At this point ‘Harry Potter and the Deathly Hallows’ has joined my inner narrative. Like Hermione, Harry, and Ron we listen each day to the rising numbers of dead and infected in a tragic rollcall of the missing. As the characters search for the ‘hoar cruxes’ they travel to beautiful parts of the country, and yet they move through them viewing all around them with fear, unable to trust; as I take my allowed exercise in the local area, I see the trees blossom and the flowers grow, but I move through this world with similar fear and anxiety whilst I am out, hoping it will not be a decision that comes back to haunt me.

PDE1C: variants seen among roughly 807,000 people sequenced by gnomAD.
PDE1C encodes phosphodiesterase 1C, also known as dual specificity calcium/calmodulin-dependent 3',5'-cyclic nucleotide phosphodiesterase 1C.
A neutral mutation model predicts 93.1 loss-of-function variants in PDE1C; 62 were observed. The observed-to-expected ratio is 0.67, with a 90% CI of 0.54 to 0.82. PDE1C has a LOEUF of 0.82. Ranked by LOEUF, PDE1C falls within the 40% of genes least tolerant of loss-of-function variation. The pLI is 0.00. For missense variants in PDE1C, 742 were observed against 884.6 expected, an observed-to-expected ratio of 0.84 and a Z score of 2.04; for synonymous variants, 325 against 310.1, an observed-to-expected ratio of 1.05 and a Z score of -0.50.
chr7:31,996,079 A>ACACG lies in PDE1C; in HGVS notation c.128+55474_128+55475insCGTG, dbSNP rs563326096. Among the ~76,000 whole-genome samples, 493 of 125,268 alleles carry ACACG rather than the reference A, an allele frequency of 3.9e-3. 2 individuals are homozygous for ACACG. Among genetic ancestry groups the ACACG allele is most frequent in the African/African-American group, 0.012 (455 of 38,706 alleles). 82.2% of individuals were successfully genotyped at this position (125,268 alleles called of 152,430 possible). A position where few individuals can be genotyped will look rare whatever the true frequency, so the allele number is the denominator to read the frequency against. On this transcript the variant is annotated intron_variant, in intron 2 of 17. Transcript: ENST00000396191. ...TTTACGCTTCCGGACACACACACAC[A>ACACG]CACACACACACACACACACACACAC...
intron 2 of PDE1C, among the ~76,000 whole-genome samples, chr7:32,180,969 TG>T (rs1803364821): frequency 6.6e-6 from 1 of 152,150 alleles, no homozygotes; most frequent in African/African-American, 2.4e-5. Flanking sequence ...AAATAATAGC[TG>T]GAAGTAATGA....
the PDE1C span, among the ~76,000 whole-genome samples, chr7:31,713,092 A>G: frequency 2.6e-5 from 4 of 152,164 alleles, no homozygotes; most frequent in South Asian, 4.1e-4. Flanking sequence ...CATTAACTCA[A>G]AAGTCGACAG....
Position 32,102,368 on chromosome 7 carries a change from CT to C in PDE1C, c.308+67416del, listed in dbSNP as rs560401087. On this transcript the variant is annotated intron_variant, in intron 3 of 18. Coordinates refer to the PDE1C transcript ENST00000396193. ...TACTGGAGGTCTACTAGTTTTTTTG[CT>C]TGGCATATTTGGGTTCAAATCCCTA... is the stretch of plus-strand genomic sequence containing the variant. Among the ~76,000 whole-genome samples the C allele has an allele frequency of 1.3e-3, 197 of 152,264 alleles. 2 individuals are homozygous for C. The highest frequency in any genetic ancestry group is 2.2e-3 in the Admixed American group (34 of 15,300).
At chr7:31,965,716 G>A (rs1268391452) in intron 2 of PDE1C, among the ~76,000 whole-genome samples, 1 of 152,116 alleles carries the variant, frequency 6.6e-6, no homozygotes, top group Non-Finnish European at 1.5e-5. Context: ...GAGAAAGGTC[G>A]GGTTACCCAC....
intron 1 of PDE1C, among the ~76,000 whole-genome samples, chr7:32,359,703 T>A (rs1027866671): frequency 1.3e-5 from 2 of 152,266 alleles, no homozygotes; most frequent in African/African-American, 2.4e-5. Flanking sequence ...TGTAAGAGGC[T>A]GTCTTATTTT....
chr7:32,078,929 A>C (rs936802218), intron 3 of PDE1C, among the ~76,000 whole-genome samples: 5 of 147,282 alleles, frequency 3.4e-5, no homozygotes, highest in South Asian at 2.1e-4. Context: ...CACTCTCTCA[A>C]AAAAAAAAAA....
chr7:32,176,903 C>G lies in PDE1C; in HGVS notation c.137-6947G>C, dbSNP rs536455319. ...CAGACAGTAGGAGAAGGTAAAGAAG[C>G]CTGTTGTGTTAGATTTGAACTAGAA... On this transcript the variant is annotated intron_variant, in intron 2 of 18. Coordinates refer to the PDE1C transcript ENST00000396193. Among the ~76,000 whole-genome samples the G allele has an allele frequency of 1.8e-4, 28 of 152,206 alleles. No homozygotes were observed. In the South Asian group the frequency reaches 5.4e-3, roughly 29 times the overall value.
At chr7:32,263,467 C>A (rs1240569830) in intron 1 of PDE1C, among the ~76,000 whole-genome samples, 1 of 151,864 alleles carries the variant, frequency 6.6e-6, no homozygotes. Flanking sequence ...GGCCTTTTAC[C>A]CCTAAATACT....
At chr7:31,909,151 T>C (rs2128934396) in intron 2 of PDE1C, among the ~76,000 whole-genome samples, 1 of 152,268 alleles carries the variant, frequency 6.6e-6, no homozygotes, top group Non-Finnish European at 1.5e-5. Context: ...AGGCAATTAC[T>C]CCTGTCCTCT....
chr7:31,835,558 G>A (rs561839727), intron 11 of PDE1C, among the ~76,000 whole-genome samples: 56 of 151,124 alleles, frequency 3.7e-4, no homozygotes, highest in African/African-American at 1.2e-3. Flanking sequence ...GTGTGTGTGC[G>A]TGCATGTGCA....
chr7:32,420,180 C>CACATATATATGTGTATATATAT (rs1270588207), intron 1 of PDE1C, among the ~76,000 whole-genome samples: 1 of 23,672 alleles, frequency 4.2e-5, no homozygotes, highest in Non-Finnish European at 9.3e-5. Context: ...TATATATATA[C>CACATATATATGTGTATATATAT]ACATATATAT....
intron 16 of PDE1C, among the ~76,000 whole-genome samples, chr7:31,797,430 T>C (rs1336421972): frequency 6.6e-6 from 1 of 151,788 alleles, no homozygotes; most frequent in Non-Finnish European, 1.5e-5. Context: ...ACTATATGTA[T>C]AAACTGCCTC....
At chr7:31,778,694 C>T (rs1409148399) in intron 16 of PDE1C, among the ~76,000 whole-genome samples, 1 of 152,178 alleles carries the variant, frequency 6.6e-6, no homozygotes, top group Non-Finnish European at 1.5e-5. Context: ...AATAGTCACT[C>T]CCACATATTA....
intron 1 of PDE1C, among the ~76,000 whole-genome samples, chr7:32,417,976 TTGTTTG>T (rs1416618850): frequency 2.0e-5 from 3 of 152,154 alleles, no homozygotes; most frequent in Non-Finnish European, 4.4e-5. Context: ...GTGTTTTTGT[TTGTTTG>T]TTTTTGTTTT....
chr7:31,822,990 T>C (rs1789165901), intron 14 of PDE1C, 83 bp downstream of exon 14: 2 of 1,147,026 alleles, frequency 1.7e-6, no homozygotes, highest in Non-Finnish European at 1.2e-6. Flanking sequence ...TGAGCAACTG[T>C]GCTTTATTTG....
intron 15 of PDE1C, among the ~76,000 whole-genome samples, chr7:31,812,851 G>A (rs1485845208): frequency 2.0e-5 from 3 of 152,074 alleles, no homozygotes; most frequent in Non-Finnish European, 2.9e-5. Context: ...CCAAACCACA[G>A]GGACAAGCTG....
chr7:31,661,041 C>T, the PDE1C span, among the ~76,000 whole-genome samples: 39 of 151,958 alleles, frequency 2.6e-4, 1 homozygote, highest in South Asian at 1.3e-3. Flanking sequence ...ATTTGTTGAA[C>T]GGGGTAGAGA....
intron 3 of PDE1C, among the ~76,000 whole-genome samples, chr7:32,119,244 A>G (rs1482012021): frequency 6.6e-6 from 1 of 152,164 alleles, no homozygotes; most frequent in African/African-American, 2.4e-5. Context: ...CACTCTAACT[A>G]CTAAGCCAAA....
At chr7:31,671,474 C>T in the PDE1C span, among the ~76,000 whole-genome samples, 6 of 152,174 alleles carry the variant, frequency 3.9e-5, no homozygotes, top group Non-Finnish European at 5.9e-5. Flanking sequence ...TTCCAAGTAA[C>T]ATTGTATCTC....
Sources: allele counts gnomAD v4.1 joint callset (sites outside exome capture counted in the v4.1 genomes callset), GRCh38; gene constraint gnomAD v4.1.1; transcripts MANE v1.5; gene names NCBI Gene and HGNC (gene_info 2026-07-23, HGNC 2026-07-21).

Finally in those few and far-between moments of hope, my subconscious shows me the ending of ‘The Day After Tomorrow’. Many have been lost in the storm, but different nations reach out  to offer help and support to each other. I ask myself, as this world-wide pandemic wreaks its damage across the entire globe, will nations pull together to help each other through, learning from each other and sharing resources? Can we create a new normal on the other side which is better for all humankind? It is a far-reaching hope I know, but in this case I would hope that life does imitate art.